Review for “The Fishermen” by Chigozie Obioma (2015)
Rating: 5 out of 5 stars
This is one of those books that you pick up and time stands still, because you’re so engrossed in what’s going on that nothing else seems to matter. I picked this up at the library on a Friday afternoon and sat right down on the couch there and dove right in, not realizing that an hour had passed and librarian dude was standing next to me, about to tap me on the shoulder to warn me they were about to close.
“The Fishermen” is the story of four brothers–Ikenna, 15, Boja, 14, Obembe, 11, and Benjamin–who is 9 years old when the story begins. The novel is told from the point of view of the youngest child, Benjamin, who looks up to his brothers and decides to join them when they begin skipping school to fish at the local river. At the river they encounter an outcast, a local madman who makes a terrifying prophecy: that Ikenna will be murdered by one of his brothers.
From this point onward, nothing is ever the same. Each of the brother’s fates change for the worst and the entire family as a stable unit gradually becomes undone. But this is more than just a retelling of the Biblical story of Cain and Abel, this book has all of the complexities of a Shakespearean tragedy. There is a lot of violent imagery in this novel, coupled with beautiful words that I found myself going back and reading over and over again. There are also thoughtful references to the work of Chinua Achebe, and one can’t help but to read this book as an allegory of the African continent–ravaged from the outside and left to corrode through corruption, greed, and other inside forces.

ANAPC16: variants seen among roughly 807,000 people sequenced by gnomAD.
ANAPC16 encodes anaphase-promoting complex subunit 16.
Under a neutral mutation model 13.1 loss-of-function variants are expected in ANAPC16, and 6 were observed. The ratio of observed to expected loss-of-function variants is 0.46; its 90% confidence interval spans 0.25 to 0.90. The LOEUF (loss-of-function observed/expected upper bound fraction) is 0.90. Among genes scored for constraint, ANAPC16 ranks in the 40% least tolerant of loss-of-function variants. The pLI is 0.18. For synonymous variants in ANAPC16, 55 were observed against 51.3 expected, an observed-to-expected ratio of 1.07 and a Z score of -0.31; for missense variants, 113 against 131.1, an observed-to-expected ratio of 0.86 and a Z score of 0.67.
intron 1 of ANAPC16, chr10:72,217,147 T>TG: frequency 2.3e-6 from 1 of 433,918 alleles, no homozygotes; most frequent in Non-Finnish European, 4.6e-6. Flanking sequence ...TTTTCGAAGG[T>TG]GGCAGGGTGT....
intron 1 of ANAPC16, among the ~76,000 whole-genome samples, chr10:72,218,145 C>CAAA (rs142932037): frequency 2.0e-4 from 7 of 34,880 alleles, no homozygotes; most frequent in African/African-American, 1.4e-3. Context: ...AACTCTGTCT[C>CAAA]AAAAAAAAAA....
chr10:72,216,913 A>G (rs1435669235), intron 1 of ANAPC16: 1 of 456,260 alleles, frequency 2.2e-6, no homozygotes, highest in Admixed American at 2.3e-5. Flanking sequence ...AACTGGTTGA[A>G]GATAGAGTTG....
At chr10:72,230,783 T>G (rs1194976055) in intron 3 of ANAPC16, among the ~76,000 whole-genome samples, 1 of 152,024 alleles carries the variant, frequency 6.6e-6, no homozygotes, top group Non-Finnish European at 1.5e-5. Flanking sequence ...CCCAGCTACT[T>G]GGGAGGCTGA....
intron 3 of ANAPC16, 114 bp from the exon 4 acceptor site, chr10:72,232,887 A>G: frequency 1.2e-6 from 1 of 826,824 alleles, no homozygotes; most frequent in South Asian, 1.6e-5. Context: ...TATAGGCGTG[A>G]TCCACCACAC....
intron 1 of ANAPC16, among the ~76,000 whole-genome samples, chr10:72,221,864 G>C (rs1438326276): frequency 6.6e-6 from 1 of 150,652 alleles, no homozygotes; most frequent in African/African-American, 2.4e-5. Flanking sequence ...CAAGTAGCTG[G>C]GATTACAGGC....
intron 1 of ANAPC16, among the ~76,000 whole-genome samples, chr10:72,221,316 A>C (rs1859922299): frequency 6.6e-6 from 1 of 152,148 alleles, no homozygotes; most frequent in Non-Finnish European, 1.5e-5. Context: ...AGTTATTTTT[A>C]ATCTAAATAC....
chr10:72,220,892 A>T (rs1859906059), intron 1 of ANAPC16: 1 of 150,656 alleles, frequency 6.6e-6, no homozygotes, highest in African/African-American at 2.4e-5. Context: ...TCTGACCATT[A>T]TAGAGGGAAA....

When I checked the Internet for some info on this book I saw that it had been long-listed for the 2015 Man Booker Prize. I do hope it wins a major prize, it’s really that good. Loved this, A+